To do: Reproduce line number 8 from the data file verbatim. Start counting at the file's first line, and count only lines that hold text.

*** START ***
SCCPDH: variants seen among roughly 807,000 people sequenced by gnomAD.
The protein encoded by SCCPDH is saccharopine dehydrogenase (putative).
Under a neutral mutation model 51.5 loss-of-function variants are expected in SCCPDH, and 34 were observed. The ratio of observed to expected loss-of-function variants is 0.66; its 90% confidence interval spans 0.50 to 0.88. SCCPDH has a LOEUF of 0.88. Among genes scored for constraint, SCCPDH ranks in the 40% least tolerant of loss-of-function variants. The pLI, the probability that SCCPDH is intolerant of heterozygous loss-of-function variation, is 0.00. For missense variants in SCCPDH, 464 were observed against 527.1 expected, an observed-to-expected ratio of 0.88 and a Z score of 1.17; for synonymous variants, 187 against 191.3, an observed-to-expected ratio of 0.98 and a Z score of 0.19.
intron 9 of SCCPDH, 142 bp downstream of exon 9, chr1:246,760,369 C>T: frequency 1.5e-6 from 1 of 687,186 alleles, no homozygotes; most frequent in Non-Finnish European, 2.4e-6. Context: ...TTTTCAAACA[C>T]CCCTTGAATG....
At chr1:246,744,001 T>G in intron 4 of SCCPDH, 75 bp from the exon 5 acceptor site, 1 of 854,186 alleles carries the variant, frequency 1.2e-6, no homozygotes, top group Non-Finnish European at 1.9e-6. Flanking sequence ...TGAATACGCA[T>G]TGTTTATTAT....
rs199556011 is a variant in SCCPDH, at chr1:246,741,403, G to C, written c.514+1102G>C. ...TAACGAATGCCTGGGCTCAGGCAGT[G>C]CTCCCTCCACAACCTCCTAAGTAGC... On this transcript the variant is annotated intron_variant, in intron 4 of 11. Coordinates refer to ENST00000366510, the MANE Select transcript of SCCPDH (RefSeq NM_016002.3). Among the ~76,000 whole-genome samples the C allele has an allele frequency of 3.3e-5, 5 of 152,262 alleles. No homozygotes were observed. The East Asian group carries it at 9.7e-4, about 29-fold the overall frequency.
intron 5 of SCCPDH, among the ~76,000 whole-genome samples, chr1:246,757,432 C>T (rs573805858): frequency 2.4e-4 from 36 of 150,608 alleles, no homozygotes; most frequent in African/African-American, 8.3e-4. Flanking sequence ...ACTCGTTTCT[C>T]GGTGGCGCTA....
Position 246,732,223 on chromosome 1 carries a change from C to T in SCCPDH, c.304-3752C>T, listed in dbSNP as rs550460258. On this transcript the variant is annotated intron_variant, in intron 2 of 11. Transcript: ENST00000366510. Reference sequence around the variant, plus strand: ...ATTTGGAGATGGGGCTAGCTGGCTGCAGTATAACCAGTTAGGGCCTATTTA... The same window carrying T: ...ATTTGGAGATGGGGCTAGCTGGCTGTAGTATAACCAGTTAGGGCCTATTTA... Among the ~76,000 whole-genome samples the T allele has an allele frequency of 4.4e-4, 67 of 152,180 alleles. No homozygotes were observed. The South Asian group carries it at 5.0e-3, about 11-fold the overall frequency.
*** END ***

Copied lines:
Position 246,732,223 on chromosome 1 carries a change from C to T in SCCPDH, c.304-3752C>T, listed in dbSNP as rs550460258. On this transcript the variant is annotated intron_variant, in intron 2 of 11. Transcript: ENST00000366510. Reference sequence around the variant, plus strand: ...ATTTGGAGATGGGGCTAGCTGGCTGCAGTATAACCAGTTAGGGCCTATTTA... The same window carrying T: ...ATTTGGAGATGGGGCTAGCTGGCTGTAGTATAACCAGTTAGGGCCTATTTA... Among the ~76,000 whole-genome samples the T allele has an allele frequency of 4.4e-4, 67 of 152,180 alleles. No homozygotes were observed. The South Asian group carries it at 5.0e-3, about 11-fold the overall frequency.